Diffusing an explosive situation
We were about 30 minutes into our adventure and five minutes away from finding the explosives. I looked back to my companion for this adventure – a BLM law enforcement officer, packing a gun and everything – and asked if he was doing alright. He was just fine, and minutes later we were checking out the explosives.
“You moved these?” the officer said. “You’re brave.”
“No, I’m dumb,” I replied. “I didn’t really realize what they were.”
I’d found the box of explosives on an exploratory hike in my favorite place in the world, Indian Creek, which was part of the national monument formerly known as Bears Ears. Upon discovering them, I was confused as to why they were there, so like any modern human I took to social media. I posted the photos, and several friends knowledgeable about mining and extraction chimed in. The answer from just about everyone: leftover munitions from an exploratory mission to find uranium.
A day later, I got a Facebook message from the Moab Police Department. A friend had showed my pictures to someone in the office, and they inquired if I could help them find the explosives so they could be properly removed. I was more than happy to do that, and after a couple messages, I was put in touch with the Monticello BLM office.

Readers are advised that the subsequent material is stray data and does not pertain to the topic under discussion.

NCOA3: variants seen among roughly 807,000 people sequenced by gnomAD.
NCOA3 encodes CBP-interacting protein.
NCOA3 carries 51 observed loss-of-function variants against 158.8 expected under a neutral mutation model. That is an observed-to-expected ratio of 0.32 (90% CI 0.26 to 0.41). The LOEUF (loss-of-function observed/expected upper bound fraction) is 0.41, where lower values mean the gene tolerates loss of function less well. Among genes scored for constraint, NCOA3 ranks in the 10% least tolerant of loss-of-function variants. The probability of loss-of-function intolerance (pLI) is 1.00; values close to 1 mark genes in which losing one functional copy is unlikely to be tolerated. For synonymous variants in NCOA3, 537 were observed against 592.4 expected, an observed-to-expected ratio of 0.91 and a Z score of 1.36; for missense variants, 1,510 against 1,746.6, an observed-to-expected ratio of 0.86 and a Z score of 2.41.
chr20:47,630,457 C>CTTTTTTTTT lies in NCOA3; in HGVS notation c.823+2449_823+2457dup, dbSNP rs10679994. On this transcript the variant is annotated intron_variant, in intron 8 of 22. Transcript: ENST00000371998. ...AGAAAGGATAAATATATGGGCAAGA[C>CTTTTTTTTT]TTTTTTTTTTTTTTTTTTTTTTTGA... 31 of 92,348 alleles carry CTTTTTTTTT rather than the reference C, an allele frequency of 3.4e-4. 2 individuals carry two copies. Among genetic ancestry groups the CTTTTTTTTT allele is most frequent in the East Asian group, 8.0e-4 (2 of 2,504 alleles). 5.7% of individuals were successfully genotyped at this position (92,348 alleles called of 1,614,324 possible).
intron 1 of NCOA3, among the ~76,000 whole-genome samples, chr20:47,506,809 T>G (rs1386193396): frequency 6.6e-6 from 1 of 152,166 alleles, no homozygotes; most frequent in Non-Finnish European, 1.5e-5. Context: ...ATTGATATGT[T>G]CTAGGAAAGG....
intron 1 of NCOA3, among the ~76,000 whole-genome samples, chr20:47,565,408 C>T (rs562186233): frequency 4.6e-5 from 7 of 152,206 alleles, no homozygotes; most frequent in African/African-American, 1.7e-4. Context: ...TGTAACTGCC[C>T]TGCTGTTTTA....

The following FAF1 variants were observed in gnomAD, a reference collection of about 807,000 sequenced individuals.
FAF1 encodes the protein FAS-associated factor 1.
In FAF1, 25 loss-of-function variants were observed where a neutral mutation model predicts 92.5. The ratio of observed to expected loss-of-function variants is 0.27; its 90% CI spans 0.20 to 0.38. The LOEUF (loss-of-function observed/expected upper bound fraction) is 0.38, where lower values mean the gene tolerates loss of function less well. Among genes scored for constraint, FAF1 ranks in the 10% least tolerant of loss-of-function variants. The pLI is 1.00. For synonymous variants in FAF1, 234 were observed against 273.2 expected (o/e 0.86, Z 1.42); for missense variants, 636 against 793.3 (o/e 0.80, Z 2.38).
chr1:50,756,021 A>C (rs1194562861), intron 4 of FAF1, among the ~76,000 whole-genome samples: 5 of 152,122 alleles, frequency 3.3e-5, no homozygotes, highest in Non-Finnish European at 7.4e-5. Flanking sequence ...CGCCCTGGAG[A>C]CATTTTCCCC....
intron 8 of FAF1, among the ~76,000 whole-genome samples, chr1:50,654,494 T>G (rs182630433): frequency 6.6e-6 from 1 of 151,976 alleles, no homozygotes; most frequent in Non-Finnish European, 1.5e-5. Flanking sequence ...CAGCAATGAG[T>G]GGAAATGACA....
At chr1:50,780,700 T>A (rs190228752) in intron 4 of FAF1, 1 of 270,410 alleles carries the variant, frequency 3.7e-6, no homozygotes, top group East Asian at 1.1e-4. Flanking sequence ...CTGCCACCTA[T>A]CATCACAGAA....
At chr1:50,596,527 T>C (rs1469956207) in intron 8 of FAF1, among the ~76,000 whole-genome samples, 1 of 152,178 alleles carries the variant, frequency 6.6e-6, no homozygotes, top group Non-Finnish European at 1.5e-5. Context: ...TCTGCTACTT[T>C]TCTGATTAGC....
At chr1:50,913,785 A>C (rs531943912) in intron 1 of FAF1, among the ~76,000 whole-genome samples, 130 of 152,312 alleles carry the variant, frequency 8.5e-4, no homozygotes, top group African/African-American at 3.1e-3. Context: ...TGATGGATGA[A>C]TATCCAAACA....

The mission went perfectly. I was able to re-find the explosives (I wasn’t sure if I’d be able to) and the officer was good company. We avoided talking about the politics going on with the landscape we traversed, and instead talked about the landscape itself. Sometimes it’s nice to leave politics out of a conversation. We talked about how good the climbing is in Indian Creek. He told me he was afraid of heights but agreed if he ever went climbing, he would tie in with me.
There doesn’t seem to be much civil banter going on in this country these days. Had this officer and I discussed politics, we would have discovered that we either agreed or disagreed. It was nice to have that neutrality. We simply talked like we were both Americans, on the same team. And we are.